Yesterday, I told you that children who are overweight perform worse than their normal weighted counterparts on certain cognitive tasks related to planning. This piece was a follow-up to all the very similar results in adults.
With parents always wanting the best for their children then obviously they would be on the watch for obvious to the eyes bodily changes in their children.
But us humans don’t always see reality (or we tend to put on the rose tinted glasses). A series of research paper have found that parents do not judge their children weight/chubbiness correctly. Akerman et al., 2007 observed that when parents estimated weight and had normal weighted children they roughly equally underestimated (43.1%) or overestimated (49.3%) the child’s weight (with 7.6% being accurate). But things changed with the kids were either underweight or overweight. For the underweight children 70% of these parents overestimated the children’s weight (16% accurate, and 14% underestimated). For the overweight children 61.6% underestimated, 7.9% were accurate and 30.5 overestimated.
In another study the researchers found that not only did parents underestimate children measured weight but so did the children and their physicians (Chaimovitz et al., 2008). The conclusion of this paper was:
Many children underestimated their degree of
overweight. Their parents and even their attending physicians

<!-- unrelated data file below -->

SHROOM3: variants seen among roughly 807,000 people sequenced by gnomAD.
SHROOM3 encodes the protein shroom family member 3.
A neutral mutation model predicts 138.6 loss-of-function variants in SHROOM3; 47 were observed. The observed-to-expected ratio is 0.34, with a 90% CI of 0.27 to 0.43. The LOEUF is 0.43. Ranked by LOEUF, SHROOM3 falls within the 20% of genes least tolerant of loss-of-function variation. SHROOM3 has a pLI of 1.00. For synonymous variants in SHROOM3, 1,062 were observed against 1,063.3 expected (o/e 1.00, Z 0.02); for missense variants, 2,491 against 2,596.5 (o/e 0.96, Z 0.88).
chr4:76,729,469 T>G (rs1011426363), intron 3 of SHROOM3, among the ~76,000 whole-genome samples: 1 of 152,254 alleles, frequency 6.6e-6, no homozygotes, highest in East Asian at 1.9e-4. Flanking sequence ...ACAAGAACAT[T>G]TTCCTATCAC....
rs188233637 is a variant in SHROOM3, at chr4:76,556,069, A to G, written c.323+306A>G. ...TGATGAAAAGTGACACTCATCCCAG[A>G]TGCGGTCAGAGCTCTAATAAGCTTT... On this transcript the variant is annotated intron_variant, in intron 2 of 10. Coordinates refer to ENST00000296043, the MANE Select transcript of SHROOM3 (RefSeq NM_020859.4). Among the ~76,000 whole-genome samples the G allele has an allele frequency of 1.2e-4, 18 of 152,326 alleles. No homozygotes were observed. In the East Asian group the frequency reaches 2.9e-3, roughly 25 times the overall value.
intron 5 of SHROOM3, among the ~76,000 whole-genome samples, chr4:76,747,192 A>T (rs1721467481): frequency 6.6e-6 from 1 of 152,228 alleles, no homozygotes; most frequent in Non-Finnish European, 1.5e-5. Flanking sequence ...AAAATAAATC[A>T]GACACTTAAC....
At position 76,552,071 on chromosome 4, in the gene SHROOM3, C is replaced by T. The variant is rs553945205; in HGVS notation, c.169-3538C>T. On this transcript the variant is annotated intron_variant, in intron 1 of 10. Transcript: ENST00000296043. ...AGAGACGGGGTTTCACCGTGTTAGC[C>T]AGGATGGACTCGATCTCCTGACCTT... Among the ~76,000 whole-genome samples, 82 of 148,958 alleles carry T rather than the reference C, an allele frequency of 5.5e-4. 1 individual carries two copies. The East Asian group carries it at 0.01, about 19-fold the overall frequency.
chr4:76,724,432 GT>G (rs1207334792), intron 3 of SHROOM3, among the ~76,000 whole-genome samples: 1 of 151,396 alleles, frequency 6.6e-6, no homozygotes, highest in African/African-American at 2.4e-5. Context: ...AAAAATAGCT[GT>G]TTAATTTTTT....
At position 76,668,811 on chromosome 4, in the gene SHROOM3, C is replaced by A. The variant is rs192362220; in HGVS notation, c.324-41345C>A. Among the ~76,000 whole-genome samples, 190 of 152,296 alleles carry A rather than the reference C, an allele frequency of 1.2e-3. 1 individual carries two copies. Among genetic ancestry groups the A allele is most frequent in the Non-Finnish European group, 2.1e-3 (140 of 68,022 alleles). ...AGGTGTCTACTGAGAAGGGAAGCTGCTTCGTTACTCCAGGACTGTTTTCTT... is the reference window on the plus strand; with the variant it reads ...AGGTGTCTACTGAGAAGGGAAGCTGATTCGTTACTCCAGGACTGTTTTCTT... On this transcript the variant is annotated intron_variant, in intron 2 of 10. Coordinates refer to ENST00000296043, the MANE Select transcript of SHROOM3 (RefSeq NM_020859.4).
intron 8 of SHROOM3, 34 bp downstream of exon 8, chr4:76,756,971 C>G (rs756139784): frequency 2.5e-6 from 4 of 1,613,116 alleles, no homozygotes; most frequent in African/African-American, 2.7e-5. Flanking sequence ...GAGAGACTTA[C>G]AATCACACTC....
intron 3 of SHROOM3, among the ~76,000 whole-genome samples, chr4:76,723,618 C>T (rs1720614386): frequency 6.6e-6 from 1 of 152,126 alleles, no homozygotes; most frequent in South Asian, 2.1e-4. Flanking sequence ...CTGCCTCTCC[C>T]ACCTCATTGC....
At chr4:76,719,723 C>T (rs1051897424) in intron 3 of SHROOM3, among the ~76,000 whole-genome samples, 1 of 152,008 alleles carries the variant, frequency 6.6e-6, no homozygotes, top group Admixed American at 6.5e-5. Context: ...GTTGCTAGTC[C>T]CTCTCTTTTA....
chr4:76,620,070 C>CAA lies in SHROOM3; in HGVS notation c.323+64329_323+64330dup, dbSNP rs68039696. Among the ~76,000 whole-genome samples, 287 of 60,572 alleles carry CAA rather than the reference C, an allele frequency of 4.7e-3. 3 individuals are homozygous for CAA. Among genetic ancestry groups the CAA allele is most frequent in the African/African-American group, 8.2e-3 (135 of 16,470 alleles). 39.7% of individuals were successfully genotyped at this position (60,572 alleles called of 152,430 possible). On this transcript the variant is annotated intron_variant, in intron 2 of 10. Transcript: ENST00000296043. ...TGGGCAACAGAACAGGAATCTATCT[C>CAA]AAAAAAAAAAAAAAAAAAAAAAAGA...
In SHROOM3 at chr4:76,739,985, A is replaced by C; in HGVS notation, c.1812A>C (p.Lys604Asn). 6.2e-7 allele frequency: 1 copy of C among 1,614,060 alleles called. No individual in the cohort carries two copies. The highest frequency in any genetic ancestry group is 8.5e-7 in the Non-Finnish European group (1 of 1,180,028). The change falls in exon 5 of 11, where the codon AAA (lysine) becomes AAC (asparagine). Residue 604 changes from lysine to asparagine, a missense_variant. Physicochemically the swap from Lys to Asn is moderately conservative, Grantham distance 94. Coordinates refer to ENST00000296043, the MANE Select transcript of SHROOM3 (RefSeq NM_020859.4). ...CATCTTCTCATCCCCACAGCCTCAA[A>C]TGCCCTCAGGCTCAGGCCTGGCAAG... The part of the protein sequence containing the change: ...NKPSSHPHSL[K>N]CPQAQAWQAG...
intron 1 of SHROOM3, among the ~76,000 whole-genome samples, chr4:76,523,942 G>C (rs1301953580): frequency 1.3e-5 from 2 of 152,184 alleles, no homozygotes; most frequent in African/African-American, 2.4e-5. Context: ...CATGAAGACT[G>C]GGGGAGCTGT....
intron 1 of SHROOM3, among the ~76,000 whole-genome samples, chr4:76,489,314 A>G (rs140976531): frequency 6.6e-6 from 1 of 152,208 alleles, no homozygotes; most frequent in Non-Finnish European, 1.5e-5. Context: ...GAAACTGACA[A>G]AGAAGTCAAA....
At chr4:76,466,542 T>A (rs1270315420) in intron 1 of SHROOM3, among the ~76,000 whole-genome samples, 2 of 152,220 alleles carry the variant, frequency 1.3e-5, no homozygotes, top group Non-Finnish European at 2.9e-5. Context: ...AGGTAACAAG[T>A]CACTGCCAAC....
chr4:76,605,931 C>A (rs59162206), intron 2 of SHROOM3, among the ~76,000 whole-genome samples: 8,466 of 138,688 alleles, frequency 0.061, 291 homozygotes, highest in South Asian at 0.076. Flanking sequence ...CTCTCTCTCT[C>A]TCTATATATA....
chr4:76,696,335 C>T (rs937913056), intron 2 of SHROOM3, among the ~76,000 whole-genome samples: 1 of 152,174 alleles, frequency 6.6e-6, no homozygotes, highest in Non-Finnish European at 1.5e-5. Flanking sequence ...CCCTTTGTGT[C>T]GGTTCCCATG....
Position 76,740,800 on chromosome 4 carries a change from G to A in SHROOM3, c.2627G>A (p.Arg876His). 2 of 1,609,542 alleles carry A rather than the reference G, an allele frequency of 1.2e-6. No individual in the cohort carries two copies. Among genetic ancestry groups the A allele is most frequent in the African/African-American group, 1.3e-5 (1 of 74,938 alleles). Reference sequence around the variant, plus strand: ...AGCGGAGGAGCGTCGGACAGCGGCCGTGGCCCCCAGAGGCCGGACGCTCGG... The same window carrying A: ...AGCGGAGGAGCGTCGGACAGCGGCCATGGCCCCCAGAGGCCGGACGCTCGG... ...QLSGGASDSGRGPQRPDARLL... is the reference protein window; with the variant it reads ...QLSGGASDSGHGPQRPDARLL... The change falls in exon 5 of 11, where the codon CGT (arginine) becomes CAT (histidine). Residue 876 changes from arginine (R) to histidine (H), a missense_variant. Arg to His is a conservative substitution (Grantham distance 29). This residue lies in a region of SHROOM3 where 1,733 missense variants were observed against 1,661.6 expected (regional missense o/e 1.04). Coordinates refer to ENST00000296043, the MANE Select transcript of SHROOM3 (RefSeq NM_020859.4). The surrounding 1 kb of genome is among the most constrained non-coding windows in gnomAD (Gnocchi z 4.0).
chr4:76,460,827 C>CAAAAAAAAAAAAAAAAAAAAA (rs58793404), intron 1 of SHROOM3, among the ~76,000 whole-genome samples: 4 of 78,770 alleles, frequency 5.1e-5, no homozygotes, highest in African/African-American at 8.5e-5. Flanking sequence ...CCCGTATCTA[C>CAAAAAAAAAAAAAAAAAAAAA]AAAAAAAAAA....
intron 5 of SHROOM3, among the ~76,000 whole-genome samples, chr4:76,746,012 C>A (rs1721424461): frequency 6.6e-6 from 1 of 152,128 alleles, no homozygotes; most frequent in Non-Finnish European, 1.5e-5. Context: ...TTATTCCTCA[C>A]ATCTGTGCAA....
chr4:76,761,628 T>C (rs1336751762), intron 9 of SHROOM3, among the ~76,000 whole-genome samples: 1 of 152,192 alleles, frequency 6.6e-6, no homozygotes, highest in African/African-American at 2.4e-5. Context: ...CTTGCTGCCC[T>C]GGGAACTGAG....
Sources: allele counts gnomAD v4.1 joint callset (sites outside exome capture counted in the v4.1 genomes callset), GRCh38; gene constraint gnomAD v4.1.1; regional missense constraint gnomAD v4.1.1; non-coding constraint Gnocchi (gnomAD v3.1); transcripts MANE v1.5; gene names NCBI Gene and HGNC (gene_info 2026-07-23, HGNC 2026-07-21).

shared this misperception. This study demonstrates the need to
further educate physicians to recognize obesity and overweight
so that they can counsel children and their families.
I find this very interesting because how are you going to fix a problem if you can’t see it staring you in the face. Parents and apparently doctors need to take off the rose tinted glasses and face reality. I wonder if the doctors (and parents) version of ‘normal’ has changed over the years because the average weight of children have increased over these years. The overweight silhouette is the new average ?
This is not only an American phenomena, as a Canadian study found very similar results with 63% of the parents with overweight children judging them as in the normal weight category (He and Evans, 2007). The title of this study was interesting: ‘Are parents aware their children are overweight or obese? Do they care?’
If you have a child maybe you want to accurately measure your child’s height and weight - and compare it to what is normal for the appropriate age range (see here). Your inability to see the reality of your child’s weight could lead to your child’s reduced cognitive ability. For if you don’t recognize the problem you can not fix it. And we naturally want the best for our kids - but then we have to view the situation correctly. While you are at it you might want to check you own body mass index (BMI) and calculate your number. Are you wearing rose tinted glasses?
caveat: BMI is not the be all measurement of appropriate body size - and can be innacurate in terms of ‘fatness’ so you might want to look into getting a proper body fat measurement (there are several options, from cheap and ‘reasonably’ accurate, to more expensive and subsequently more accurate).